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Peninei Halakha > Shabbat > 18 - Kotev, Moĥek, and Tzove’a > 03. Incidental Writing and Erasing

03. Incidental Writing and Erasing

One may not cut through letters that are written on a cake in frosting, candy, or the like. Similarly, if a cake is decorated with a meaningful picture, like a tree or a house, one may not cut through the picture. Even though one’s intention in cutting the cake is to eat it, since the letters or pictures have meaning and it is very clear that they are being “erased” when the cake is cut, it is rabbinically prohibited (Mordechai; Rema 340:3). However, one may cut between the letters. Even though this separates a word into its component parts, one does not violate Moĥek as long as each letter remains whole. Therefore, if a cake that one plans to serve on Shabbat is being decorated, it should be done in such a way that one will be able to cut between the letters and pictures. Afterward, the slices of cake may be eaten even though eating them will destroy the letters. Since one is engaged in the process of eating, it is not considered Moĥek.

When letters or pictures appear on cookies as a result of having been stamped into the cookie dough, as with petits beurres cookies, there is no prohibition against cutting or breaking them. Since these letters have no significance, erasing them incidentally is not prohibited (MB 340:15).

Some maintain that it is rabbinically prohibited to read a book that has letters stamped or written on the edges of the pages (such as a library stamp) because when one opens the book the letters break apart, and when it is closed they are reconstructed (Levush; MA). In practice, if no other book is available, one may read such a book, because many maintain that bringing the different parts of a letter together is not considered Kotev, nor is separating them considered Moĥek. Additionally, since a book is meant to be opened and closed repeatedly, this is not considered even short-term Kotev and Moĥek, and thus involves no prohibition (Rema 340:3; Taz; MB ad loc. 17).

Some rule that if opening a package of food will definitely tear letters or pictures, it may not be opened on Shabbat. They permit opening the package only if it is possible that the letters or pictures will not be torn in the process (based on Taz). Others maintain that one may open such a package, since all parts of the letters actually remain, but have simply been separated from each other (based on Rema). Le-khatĥila it is proper to be stringent, but when there is no way to open a package without tearing letters, one may be lenient. One who opens the package has no interest in “erasing” the letters, and the action is not constructive but destructive.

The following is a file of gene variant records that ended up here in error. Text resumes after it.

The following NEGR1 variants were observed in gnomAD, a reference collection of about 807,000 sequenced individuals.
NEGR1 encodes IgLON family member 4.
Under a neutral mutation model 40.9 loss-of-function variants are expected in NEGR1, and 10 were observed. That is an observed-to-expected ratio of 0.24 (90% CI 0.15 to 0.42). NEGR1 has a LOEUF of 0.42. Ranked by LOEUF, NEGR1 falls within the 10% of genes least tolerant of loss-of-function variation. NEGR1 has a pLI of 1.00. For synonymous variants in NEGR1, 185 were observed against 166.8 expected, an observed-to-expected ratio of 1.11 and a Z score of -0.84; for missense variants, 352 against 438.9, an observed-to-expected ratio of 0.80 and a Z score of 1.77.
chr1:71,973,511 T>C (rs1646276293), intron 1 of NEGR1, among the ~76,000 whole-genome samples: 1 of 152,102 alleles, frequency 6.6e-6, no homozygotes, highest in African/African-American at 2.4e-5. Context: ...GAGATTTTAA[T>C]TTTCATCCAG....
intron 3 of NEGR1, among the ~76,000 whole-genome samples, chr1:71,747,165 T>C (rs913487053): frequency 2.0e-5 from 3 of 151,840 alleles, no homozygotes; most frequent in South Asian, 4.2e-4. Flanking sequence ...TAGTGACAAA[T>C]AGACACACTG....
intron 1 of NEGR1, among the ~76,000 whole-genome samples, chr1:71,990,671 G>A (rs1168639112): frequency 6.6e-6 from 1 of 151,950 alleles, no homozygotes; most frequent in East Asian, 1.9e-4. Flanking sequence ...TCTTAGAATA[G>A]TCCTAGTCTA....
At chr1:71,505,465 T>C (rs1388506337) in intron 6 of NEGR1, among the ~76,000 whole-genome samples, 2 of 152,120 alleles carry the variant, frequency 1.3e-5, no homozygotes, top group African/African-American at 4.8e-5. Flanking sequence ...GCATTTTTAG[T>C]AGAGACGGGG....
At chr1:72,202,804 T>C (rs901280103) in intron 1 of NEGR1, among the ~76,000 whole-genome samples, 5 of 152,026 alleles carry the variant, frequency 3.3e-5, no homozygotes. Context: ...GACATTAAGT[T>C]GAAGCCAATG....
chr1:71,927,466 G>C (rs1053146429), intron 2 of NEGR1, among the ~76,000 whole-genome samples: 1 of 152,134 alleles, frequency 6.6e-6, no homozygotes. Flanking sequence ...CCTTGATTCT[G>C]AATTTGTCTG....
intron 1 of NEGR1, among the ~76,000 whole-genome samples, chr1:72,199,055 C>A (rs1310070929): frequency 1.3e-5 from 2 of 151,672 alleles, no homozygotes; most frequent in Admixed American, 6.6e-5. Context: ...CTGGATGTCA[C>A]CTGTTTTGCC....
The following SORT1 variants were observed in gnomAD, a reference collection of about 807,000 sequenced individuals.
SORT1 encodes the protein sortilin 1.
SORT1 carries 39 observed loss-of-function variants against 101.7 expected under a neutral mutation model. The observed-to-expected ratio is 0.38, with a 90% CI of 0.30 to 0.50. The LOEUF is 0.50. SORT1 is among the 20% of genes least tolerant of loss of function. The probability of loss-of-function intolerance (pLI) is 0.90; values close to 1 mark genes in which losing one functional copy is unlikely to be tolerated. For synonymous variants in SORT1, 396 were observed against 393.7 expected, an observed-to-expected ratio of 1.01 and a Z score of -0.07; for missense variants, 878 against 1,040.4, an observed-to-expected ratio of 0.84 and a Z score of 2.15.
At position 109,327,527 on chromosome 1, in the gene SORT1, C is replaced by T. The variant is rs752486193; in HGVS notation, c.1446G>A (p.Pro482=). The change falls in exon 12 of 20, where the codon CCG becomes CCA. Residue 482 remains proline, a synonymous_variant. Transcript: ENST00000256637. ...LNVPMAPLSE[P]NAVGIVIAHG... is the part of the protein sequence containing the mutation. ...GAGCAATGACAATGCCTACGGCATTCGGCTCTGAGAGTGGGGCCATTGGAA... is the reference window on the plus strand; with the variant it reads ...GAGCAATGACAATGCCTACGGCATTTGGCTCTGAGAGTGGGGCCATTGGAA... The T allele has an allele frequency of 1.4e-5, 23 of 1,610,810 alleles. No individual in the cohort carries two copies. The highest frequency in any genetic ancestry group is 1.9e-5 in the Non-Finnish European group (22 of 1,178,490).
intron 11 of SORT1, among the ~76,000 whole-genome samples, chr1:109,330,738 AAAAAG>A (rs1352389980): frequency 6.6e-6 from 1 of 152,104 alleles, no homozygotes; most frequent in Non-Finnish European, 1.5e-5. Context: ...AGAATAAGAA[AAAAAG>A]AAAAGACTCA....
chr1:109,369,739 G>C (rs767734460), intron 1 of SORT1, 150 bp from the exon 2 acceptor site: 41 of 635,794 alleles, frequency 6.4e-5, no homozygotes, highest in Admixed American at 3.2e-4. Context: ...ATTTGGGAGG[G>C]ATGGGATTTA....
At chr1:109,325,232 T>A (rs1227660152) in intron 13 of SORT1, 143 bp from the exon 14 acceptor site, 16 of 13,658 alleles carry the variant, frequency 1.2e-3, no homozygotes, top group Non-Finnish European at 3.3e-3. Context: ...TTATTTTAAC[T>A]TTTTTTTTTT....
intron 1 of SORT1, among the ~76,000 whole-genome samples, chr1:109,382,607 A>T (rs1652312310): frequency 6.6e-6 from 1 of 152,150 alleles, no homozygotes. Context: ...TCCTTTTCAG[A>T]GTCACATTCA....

One may wear shoes whose soles are stamped with letters or pictures, even though walking in these shoes may leave impressions of these letters or pictures on mud or similar surfaces.[2]

One who wrote on himself with a pen may still wash his hands and dry them in the usual way, since ink generally does not come off as a result of washing and drying one’s hands one time. However, if he would like the letters to come off, he must be careful to wash and dry his hands gently, so that he does not assist in the removal of the letters.

[2]. According to Rema (Responsa Rema §119), tearing a letter is not considered erasing, since all parts of the letter remain but have simply been separated from one another. However, according to Taz 340:2, it is considered erasing and is prohibited. Based on this, SSK 9:13 prohibits opening packages if this will involve tearing letters. However, even within Taz’s approach, one may be lenient be-di’avad; as we have seen (ch. 9 n. 2), a psik reisha de-lo niĥa lei in a case of a double rabbinic prohibition is permitted. This case is considered a psik reisha de-lo niĥa lei as well, since one has no interest in the letters. All he is interested in is opening the package. There are two factors that render the entire prohibition rabbinic. First, one is not erasing to enable writing in that space. Second, the erasing is done with a shinui (or destructively). This is, in fact, the position of Or Le-Tziyon 2:27:7 and Yalkut Yosef 314:19. For the same reasons, one may walk in shoes that will leave impressions of letters or pictures on the ground. Here, too, there are two factors that render the prohibitions rabbinic. First, the “writing” will disappear fairly quickly. Second, this is not the normal way to write. Furthermore, since one has no interest in leaving impressions of letters in the ground, it is permitted.Based on this, it would seem at first glance that one should also be allowed to cut a cake with writing on it, as this is a psik reisha de-lo niĥa lei in the case of a double rabbinic prohibition as well. Furthermore, according to Rema, it is not an act of erasure but of separation. Indeed, Taz is inclined to rule this way in 340:2. Dagul Me-revava and a number of other Aĥaronim also rule this way (cited in Livyat Ĥen §119). Nevertheless, many poskim are stringent. The reason for this would seem to be that the letters on a cake are noticeable and significant, and it is very clear that they are being erased when the cake is cut. This is what I wrote in the main text. One may cut between the letters because most poskim maintain that separating letters is not considered Moĥek (Ma’amar Mordechai; Avnei Nezer; SSK ch. 9 n. 51). In times of necessity, if it is very important to eat the cake and it cannot be cut without cutting through the letters, one may rely on those who are lenient. The status of a book with lettering on the edge is more complicated, as explained in Harĥavot.

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